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The City of East Point steps up for community Black Lives Matter protest and march

Over one-hundred residents participated in the two-mile march that ended on the front lawn of East Point City Hall.

EAST POINT, Ga. — The pre-event congregated at Sumner Park off of Norman Berry Dr at 5 p.m. This earmarked the first community-wide march to occur in the city.

Dozens of residents were on hand, making banners and signage in a large grass field. There was an electricity in the air, but the mood was far from joyful.

For the majority of the residents in attendance, Thursday’s event probably consisted of the largest gathering many of them had been to in months.

Credit: Attendees at the East Point Step Up Protest & March Against Police Violence

The event organizers, Lacie Pierre, Jarrett A. Bell, and Liz Peña who are all East Point residents were compelled to coordinate the event in light of the recent incidents of Black men and women dying at the hands of law enforcement or would-be vigilantes.

“We organized this march because of a litany of recent violent events against unarmed black citizens and are marching for justice for those victims which include former East Point resident Jamarion Robinson,” said event organizers.

Before the march began at 6 p.m., Lacie Pierre and Jarrett Bell introduced themselves to the crowd. Both of them passionately restating the reason for the event.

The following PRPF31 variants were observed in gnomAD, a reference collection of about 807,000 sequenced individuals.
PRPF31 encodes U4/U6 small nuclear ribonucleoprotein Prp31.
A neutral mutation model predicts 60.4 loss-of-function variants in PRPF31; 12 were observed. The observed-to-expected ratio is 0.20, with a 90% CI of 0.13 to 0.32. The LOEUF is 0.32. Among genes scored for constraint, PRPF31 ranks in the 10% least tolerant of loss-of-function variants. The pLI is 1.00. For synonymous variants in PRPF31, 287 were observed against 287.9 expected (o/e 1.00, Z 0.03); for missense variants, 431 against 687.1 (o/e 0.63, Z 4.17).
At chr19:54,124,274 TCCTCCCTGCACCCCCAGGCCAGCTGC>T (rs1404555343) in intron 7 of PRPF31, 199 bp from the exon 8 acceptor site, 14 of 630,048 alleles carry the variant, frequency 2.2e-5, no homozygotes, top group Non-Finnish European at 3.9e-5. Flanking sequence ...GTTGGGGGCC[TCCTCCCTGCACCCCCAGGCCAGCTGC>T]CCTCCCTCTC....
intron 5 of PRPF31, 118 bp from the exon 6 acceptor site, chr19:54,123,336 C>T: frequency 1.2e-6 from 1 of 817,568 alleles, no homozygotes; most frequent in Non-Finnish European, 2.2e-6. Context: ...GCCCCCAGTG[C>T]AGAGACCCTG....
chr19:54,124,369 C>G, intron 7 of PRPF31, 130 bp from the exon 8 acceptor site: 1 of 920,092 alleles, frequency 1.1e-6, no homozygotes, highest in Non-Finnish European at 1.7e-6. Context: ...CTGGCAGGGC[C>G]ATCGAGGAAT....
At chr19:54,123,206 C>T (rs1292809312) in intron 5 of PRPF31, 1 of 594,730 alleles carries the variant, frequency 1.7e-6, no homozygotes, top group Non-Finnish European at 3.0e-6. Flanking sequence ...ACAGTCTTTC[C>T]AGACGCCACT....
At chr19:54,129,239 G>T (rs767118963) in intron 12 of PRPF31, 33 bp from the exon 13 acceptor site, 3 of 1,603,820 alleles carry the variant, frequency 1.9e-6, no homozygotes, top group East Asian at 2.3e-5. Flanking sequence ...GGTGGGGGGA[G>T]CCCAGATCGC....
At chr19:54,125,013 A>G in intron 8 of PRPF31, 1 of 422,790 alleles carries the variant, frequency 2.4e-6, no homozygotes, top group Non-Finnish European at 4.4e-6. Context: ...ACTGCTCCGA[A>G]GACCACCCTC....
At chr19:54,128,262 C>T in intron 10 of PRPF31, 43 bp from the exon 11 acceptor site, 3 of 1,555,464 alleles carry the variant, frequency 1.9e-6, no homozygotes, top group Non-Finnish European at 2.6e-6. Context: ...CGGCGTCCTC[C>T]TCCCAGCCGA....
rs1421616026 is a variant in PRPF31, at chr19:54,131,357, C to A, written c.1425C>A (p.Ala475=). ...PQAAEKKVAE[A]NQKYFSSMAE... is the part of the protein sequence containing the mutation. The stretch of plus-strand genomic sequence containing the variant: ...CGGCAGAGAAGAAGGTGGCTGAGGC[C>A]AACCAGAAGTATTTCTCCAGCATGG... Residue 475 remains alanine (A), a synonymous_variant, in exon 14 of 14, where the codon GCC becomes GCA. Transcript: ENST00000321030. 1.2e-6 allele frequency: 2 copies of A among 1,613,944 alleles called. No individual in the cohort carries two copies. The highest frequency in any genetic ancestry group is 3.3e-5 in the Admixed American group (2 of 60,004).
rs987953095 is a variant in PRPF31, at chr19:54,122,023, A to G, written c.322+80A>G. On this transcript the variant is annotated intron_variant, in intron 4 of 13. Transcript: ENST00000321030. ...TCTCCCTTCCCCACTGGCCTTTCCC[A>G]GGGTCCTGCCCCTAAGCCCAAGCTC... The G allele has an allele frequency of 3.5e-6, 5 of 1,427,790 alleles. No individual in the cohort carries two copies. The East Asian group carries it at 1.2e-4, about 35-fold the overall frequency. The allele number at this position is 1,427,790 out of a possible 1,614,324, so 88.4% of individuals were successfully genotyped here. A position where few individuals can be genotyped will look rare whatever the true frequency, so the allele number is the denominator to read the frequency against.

Credit: Attendees at the East Point Step Up Protest & March Against Police Violence

The organizers even allotted a few minutes of open mic to allow the members of the community and community leaders, the opportunity to speak.

After a brief prayer from a local pastor, Monteria Robinson took the microphone. Robinson is the mother of Jamarion Robinson, the victim of police violence who was shot nearly 80 times during a warrant arrest back in 2016, right here in East Point.

Robinson’s speech was just short of a primal scream as she recounted the tragic events that befell her son nearly four years ago. She maintained her passion as she punctuated the importance of marches like this.

Jamarion Robinson was only 26-years-old when he was killed. He joined the continuing expanding litany of names that began back in 2012 with Trayvon Martin and continues to this day with Ahmaud Arbery, Breonna Taylor, George Floyd, Manuel Ellis, and Tony McDade.

The march began from the rear side of Sumner Park and traced the path that lead through the residential neighborhoods and they headed toward City Hall.

Credit: Attendees from the East Point Step Up Protest & March Against Police Violence

The passion and fervor of the crowd only continued to grow as they approached city hall without once ever spilling over into discourse. As the march concluded on the front lawn of East Point city hall, the crowd listened to final speeches from organizers and community members.

In a touching gesture of solidarity, the crowd took a knee for seventy-six seconds of silence, one second for every bullet that hit Jamarion.

The organizers reaffirmed to the crowd that their homegrown coalition would continue to plan events such as this for the community.

For more information about the East Point coalition, you can follow at @eastpointstepup on Instagram and Twitter or if you are interested in joining their coalition newsletter or volunteering for a future event, email them at eastpointstepup@gmail.com.

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